Contact WAO | e-News Sign Up | Site Map | Home  
World Allergy Organization
WAO's mission: To be a global resource and advocate in the field of allergy, advancing excellence in clinical care through education, research and training as a world-wide alliance of allergy and clinical immunology societies.

Book review may be available in other languages

WAO Medical Book Review

Parasites & Allergy
Editors: Capron, M; Trottein, F

List price: $162.00 USD
Available from: Karger

Reviewer:
Peter DeBuse FRACP, FRCP (LOND.)
Royal Children's Hospital, Brisbane, Australia

Description:
Since the 1980's, the "hygiene hypothesis" has held sway in explaining the increase in allergic disease in affluent countries and the lack of increase in underdeveloped communities. The basic concept is that T helper cells are stimulated by infections in childhood and that if they are not, a default mode stimulates the T2 helper cells concerned with the allergic process. The allergic process is often considered to have evolved largely as a measure to counter the gut infestation by protozoan parasites. Where community parasite infestation is high, epidemiologic studies show that the incidence of allergic diseases is lower than in communities with low parasite infestation.

The editors have assembled twelve reviews which address the complicated cellular signaling mechanisms that are involved in the phenomenon, allowing the authors to discuss the anomalies in the basic "hygiene hypothesis" and speculate on the implications for associated T1 disease states such as inflammatory bowel disease and diabetes Type 1. Nearly all the reviews use the example of schistosomiasis in their discussion, probably because of the massive and widespread prevalence in the developing world. The biology of intestinal Helminths is dealt with not only in terms of the life cycle but also in evolutionary significance.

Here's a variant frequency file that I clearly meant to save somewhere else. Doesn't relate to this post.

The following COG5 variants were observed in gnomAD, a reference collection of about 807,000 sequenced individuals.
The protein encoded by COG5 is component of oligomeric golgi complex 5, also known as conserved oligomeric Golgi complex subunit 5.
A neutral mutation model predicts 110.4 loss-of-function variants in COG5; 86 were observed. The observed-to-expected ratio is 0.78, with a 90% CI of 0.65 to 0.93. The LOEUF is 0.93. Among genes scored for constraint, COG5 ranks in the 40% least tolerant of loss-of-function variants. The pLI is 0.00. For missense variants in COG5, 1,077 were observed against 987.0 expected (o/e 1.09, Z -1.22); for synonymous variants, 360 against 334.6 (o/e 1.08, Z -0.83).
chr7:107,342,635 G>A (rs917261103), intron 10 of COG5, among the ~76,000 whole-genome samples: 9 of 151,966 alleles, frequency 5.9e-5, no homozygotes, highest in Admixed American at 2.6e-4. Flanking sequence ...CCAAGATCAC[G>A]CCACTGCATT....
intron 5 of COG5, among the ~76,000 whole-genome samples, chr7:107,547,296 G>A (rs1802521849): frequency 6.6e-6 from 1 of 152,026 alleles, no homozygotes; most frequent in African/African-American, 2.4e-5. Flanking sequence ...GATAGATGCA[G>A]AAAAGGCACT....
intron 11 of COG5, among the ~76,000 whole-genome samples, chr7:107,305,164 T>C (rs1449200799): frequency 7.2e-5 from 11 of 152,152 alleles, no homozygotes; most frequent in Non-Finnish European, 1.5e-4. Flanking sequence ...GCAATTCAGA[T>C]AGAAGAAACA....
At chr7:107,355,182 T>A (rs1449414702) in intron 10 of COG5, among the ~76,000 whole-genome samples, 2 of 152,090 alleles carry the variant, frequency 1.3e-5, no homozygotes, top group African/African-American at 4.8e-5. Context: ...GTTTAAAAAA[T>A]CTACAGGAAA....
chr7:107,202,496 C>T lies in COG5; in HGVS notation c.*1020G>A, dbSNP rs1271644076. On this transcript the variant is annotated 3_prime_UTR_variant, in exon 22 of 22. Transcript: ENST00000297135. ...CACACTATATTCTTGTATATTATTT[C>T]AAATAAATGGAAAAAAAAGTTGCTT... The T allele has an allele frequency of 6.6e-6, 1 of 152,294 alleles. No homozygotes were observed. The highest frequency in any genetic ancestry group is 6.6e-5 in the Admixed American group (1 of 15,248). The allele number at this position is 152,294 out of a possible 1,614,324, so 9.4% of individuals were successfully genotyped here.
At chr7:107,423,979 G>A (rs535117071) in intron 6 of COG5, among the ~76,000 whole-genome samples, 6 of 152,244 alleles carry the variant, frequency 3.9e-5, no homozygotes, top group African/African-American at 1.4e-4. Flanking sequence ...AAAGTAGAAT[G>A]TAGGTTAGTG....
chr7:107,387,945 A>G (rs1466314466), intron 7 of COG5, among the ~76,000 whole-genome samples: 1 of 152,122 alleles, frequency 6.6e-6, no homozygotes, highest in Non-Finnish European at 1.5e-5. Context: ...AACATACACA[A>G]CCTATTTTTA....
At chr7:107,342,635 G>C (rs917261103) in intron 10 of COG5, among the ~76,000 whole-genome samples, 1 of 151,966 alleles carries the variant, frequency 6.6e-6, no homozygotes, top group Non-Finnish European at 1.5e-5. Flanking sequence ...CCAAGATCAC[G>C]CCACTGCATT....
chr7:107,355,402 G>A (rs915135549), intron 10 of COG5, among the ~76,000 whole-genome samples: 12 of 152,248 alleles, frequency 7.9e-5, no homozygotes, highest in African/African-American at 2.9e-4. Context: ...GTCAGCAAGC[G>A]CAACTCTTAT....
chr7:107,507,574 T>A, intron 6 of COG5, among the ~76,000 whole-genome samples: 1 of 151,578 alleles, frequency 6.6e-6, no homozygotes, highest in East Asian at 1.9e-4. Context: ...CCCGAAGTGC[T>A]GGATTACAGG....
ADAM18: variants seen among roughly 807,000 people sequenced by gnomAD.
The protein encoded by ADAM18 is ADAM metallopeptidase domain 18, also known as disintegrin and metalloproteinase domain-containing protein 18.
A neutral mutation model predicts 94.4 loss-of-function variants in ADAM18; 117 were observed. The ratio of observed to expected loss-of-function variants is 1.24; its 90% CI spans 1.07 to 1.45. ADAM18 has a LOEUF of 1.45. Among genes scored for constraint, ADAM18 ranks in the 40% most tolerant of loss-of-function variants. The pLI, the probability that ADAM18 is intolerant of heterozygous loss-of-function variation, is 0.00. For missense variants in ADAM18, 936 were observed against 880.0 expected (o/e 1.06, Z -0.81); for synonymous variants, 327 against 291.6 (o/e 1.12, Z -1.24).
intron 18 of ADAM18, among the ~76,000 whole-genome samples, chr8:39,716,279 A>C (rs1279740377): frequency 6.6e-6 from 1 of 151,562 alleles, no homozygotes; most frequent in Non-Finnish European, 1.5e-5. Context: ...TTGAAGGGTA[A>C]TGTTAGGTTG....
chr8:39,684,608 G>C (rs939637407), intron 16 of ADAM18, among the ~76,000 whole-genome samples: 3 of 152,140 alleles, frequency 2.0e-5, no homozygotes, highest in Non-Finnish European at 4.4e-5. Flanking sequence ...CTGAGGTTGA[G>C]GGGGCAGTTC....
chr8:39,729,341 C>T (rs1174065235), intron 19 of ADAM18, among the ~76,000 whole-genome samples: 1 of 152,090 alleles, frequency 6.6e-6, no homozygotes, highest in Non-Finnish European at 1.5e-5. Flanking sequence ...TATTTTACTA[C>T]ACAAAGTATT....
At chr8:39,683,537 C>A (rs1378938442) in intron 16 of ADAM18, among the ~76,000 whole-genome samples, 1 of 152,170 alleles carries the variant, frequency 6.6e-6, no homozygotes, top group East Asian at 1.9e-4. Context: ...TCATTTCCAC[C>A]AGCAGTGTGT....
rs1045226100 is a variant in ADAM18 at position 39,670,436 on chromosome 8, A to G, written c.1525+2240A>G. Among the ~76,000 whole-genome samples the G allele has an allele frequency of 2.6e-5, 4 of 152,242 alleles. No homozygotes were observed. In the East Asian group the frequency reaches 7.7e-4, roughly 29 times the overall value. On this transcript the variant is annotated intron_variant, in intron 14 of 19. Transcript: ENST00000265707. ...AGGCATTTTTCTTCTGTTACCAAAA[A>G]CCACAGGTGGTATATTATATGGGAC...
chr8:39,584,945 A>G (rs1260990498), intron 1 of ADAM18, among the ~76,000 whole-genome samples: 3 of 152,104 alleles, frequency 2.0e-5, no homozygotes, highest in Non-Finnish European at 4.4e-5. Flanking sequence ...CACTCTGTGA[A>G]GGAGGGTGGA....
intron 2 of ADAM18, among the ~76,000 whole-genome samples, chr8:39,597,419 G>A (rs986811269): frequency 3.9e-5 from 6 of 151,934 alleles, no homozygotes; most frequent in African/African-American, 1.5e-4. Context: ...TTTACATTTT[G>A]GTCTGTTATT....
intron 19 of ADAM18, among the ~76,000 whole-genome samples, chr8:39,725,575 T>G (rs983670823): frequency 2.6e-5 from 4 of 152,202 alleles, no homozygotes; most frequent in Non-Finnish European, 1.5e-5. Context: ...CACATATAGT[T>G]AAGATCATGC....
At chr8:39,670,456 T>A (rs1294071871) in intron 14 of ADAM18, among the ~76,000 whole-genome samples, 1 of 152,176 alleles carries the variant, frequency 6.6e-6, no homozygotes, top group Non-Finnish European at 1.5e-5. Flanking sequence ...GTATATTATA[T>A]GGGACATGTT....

Purpose:
These reviews provide an up-to-date and informative discussion on signaling, proteases, and glycans as promoting molecules, the nature of white cells (natural killer, mast cells, and basophils) and importantly on Regulatory T cells.

Audience:
I found this a fascinating book and anyone interested in biology will enjoy it. Naturally immunologists and allergists are a target audience, but general physicians – both adult and paediatric – will be interested in the speculations on novel methods of controlling inflammatory/allergic diseases.

Features:
The multifaceted approach to unraveling the molecular basis is well organized by the Editors so that there is a layered wealth of detail and a good deal of consensus. The tables and figures are clear and the references numerous.

Assessment:
An excellent book which deals with the very basis of the allergic state. Interestingly, laboratory rodents feature in the experimental data; large domestic animals that are regularly wormed to rid them of intestinal parasites are not mentioned – just wondering?